Just how complicated your electric order will be hinges on how complicated your exhibit is.

Many trade show exhibits consist of a 10’ x 10′ back wall and so the electric requirements would also be quite standard: one service outlet located behind the booth might be all you need.

If your booth has a counter or table on the aisle you will most likely need another service outlet nearby to power a laptop or other technology.

The larger and more complex the display becomes, the harder ordering can be.

If your booth is fairly complex, strongly consider sketching out a simple floor plan to help you decide the exact placement of all outlets you will need, as well as your required watts or amps for each.

Once you’ve done this you will be able to easily fill out your order form.

Submit it as early as you can so you can take advantage of any discounts.

Other things to consider:
Generally, inline and peninsula booths will have outlets located on the floor at the rear drape line.

Island booths are a bit different – they will have outlets brought to one location and then distributed out from that point.

Always find out if your power will come from the floor or be dropped from the ceiling so you can make sure your placement makes sense.

And always make sure to send payment in with your electrical order form or suffer the consequences.

Do You Really Need Labor?
Many exhibitors won’t need any labor.

If you have a portable light weight trade show booth that is easy to setup, or a company booth staff that is trained to set up your exhibit stand, then you may not need to hire install and dismantle (I&D) labor.

Or if this is a smaller show, with just table top displays, for example, and all you’re going to arrive and simply plug in lights and laptops, you won’t need labor.

However, if you have a bigger or more complicated booth display, or if it is too heavy, or takes too long for your staff to set up, then you may need to hire labor.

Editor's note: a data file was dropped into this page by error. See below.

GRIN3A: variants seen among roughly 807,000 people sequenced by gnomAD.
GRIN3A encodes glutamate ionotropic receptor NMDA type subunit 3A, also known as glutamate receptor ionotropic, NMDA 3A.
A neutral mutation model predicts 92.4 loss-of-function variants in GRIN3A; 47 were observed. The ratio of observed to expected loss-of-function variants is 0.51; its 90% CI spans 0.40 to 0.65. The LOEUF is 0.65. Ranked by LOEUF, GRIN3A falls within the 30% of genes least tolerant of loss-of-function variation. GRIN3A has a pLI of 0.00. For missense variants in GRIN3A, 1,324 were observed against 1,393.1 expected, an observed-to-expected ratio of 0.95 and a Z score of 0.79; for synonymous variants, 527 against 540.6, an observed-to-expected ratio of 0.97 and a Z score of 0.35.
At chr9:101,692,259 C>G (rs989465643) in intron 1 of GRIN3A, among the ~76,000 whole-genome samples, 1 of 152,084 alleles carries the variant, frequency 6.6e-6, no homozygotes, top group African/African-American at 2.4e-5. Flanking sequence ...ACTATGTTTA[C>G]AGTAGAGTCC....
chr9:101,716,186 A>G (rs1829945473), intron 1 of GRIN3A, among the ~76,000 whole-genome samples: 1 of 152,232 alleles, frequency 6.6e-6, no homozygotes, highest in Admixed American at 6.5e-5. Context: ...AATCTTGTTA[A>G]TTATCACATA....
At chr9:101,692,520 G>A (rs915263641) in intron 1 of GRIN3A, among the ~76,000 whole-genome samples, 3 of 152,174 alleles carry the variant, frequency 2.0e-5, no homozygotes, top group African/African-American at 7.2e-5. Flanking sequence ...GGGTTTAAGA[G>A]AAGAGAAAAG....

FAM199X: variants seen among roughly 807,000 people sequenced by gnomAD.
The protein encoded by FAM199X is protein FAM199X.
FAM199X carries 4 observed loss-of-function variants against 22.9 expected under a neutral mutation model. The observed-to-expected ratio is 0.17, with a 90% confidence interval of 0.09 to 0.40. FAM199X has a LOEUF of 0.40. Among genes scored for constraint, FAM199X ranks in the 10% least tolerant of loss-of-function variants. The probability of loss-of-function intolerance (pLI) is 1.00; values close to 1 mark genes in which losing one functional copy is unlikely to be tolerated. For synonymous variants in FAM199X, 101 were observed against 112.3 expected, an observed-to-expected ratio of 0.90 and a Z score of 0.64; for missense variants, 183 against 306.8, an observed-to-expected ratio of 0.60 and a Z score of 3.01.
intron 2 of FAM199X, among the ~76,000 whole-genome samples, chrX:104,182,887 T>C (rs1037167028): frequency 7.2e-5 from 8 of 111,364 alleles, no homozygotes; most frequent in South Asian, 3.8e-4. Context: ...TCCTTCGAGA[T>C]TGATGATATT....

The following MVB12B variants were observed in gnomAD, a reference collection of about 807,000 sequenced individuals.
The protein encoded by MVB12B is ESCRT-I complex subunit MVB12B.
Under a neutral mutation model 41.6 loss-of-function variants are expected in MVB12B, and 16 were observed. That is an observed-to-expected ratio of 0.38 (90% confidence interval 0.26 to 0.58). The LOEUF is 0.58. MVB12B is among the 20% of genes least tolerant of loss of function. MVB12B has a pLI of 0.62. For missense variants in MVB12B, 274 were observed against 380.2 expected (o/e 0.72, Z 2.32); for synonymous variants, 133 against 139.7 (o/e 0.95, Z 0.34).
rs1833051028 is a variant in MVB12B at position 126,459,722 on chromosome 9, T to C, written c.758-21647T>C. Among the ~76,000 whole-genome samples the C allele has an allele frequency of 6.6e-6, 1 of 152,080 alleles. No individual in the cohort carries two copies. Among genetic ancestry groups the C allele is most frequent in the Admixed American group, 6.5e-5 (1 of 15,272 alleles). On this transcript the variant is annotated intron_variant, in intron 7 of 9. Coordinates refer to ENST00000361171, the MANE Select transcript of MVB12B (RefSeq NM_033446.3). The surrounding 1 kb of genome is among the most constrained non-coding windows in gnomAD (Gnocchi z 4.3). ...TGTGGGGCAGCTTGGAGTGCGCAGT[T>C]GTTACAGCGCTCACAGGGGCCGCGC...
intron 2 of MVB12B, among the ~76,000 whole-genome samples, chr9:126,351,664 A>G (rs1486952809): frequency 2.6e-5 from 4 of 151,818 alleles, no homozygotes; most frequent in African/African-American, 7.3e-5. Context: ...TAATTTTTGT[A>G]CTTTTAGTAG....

Sometimes simple requirements may trick you – if those lights on your trade show display need to be wired, say onto a truss system, or if you plan on running electrical cords under carpeting, then you may need to order labor. Sometimes, if your setup requires a ladder, or special tools, show requirements call out for using union labor.

Unions and union rules vary with each city, so be sure to review these rules for every show!

That Fine Print That Mentions Additional Charges
If you need to, get your glasses out and read all of that fine print.

You’ll obviously want to avoid as many onsite charges as you can but some are simply unavoidable.Imagency Trade Show Displays in less than 8 days!

 A drayage charge is what you will pay to have your freight handled “from the door to the floor.” This charge is NOT included in your display rental quote or your booth space purchase but it is your responsibility.

Beware all of those additional charges like water and beverage service, plants and hanging banners.

And heaven forbid you realize your booth needs to be totally reconfigured once it has been set up. You can expect to add on some hefty charges for that one.

Once you’ve gotten the hang of reading these trade show service manuals you’ll become a pro at trade show planning.

And as a trade show pro, one fact will become obvious:

Trade show recurring costs (shipping, drayage, labor) are expensive - and easy to reduce. Share on X

Picking the right trade show displays can be a huge help to minimize the recurring cost for your trade shows. If we can help select the best trade show booth for your requirements, let us know.

And if you just realized that  you need a trade show display in just a week, check out the great selection of trade show displays we can deliver in 8 days or less!

For more, check out our guide to pricing strategies or how to score a touchdown at trade shows.